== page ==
2016

Exhibitions presented at The Frick Collection during 2016.

photo of white porcelain dish decorated with large red dragon and cup-like objects
Porcelain, No Simple Matter: Arlene Shechet and the Arnhold CollectionMay 24, 2016 to April 2, 2017

A collaboration with New York−based sculptor Arlene Shechet, this exhibition explored the complex history of making, collecting, and displaying porcelain. About one hundred eighteenth-century pieces produced by the Royal Meissen Manufactory, many from the promised gift of Henry H. Arnhold, were juxtaposed with sixteen of Shechet’s own works.

 

Delve into Pieter Bruegel the Elder’s The Three Soldiers through this interactive online exhibition created by The Frick Collection for Bruegel / Unseen Masterpieces, an initiative of the Google Cultural Institute to bring together great works by Bruegel from collections around the world. To learn more, visit the Google Cultural Institute's project page

painting with six figures including an angel surrounded by naked and clothed figures
Cagnacci’s “Repentant Magdalene”: An Italian Baroque Masterpiece from the Norton Simon MuseumOctober 25, 2016 to January 22, 2017

Guido Cagnacci was one of the most eccentric painters of seventeenth-century Italy, infamous for the unconventionality of both his art and his lifestyle. Born in Romagna in 1601, he lived and worked in his native region as well as in Venice, concluding his career in imperial Vienna. His works, mostly religious in subject, are known for their unabashed, often unsettling eroticism, and his biography is no less intriguing.

Detail of Gouthiere gilt-bronze pot-pourri vase with head of a swan
Pierre Gouthière: Virtuoso Gilder at the French CourtNovember 16, 2016 to February 19, 2017

The Frick Collection presented the first exhibition on Pierre Gouthière (1732–1813), the great French bronze chaser and gilder who worked for Louis XV and Louis XVI. The exhibition shed new light on the artist’s production, life, and workshop through the presentation of twenty-two objects from public and private collections. Attributed with certainty to Gouthière, these works include clocks, vases, firedogs, wall lights, and mounts for Chinese porcelain and hardstone vases. The exhibition was organized by Charlotte Vignon, Curator of Decorative Arts, The Frick Collection. Based on new art historical and technical research, the exhibition and catalogue promise to transform our understanding of one of the greatest artists of eighteenth-century France.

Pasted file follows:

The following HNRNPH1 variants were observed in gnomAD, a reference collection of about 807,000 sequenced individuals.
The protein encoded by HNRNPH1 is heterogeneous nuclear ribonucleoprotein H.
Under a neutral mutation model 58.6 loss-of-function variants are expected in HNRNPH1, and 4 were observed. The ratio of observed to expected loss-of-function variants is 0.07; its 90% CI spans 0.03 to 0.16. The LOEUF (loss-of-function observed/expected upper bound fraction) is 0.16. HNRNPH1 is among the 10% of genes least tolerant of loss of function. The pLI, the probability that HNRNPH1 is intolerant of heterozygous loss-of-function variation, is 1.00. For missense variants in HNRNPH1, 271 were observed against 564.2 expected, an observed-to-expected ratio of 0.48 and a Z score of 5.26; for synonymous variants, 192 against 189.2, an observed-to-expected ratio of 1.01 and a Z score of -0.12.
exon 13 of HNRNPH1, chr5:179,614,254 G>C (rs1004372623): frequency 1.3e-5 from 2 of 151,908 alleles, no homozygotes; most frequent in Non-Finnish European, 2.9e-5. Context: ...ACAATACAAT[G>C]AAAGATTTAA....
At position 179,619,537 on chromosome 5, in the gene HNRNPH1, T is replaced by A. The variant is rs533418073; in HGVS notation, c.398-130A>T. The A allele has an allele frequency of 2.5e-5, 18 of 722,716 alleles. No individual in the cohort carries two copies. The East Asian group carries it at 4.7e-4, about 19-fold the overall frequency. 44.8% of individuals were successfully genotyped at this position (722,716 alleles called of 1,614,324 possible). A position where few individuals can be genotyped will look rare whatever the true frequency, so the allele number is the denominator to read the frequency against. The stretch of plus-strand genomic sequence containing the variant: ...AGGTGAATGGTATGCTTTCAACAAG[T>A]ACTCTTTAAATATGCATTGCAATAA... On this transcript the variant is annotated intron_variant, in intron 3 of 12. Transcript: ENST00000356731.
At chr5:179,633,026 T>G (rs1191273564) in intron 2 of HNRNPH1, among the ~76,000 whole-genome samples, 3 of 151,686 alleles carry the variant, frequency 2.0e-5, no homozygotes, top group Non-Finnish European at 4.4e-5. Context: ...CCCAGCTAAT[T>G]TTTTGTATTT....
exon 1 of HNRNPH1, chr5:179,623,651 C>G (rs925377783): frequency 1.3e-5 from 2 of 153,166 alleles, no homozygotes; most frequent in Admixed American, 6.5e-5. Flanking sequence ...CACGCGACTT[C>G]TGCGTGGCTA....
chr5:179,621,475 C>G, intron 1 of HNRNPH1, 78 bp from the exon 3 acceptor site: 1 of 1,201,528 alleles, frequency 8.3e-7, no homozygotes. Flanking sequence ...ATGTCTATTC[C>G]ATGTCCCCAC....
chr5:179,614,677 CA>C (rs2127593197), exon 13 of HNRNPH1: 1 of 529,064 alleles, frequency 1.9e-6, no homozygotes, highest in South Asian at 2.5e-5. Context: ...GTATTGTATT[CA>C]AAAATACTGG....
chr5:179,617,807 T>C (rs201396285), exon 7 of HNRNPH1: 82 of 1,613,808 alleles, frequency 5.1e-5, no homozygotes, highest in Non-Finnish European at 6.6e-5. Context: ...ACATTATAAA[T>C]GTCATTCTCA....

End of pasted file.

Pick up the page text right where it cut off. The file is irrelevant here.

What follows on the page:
painting of soldiers standing and seated against wall, circa 1711
Watteau’s Soldiers: Scenes of Military Life in Eighteenth-Century FranceJuly 12, 2016 to October 2, 2016

It would be difficult to think of an artist further removed from the muck and misery of war than Jean-Antoine Watteau (1684–1721), who is known as a painter of amorous aristocrats and melancholy actors. And yet, early in his career, Watteau painted a number of scenes of military life. They were produced during one of the darkest chapters of France’s history, the War of the Spanish Succession (1701–14), but the martial glory on which most military painters trained their gaze held no interest for Watteau.

Half length oil portrait of a woman with a blue dress wearing pearls, set against a brown background
Van Dyck: The Anatomy of PortraitureMarch 2, 2016 to June 5, 2016

Anthony van Dyck (1599–1641), one of the most celebrated and influential portraitists of all time, enjoyed an international career that took him from his native Flanders to Italy, France, and, ultimately, the court of Charles I in London. Van Dyck’s supremely elegant manner and convincing evocation of a sitter’s inner life — whether real or imagined — made him the favorite portraitist of many of the most powerful and interesting figures of the seventeenth century.

Green and purple porcelain ship on bronze base
From Sèvres to Fifth Avenue: French Porcelain at The Frick CollectionApril 28, 2015 to April 24, 2016

Between 1916 and 1918, Henry Clay Frick purchased several important pieces of porcelain to decorate his New York mansion. Made at Sèvres, the preeminent eighteenth-century French porcelain manufactory, the objects — including vases, potpourris, jugs and basins, plates, a tea service, and a table—were displayed throughout Frick’s residence.

Red chalk profile portrait study of Julius Caesar
Andrea del Sarto: The Renaissance Workshop in ActionOctober 7, 2015 to January 10, 2016

From about 1515 until his death, Andrea del Sarto (1486–1530) ran the most successful and productive workshop in Florence, not only leaving his native city richly decorated with his art but also greatly influencing the art produced in the remainder of the century. By 1700, however, Andrea’s reputation had declined, not to be revived until the publication of monographs by Sydney Freedberg and John Shearman in 1963 and 1965, respectively.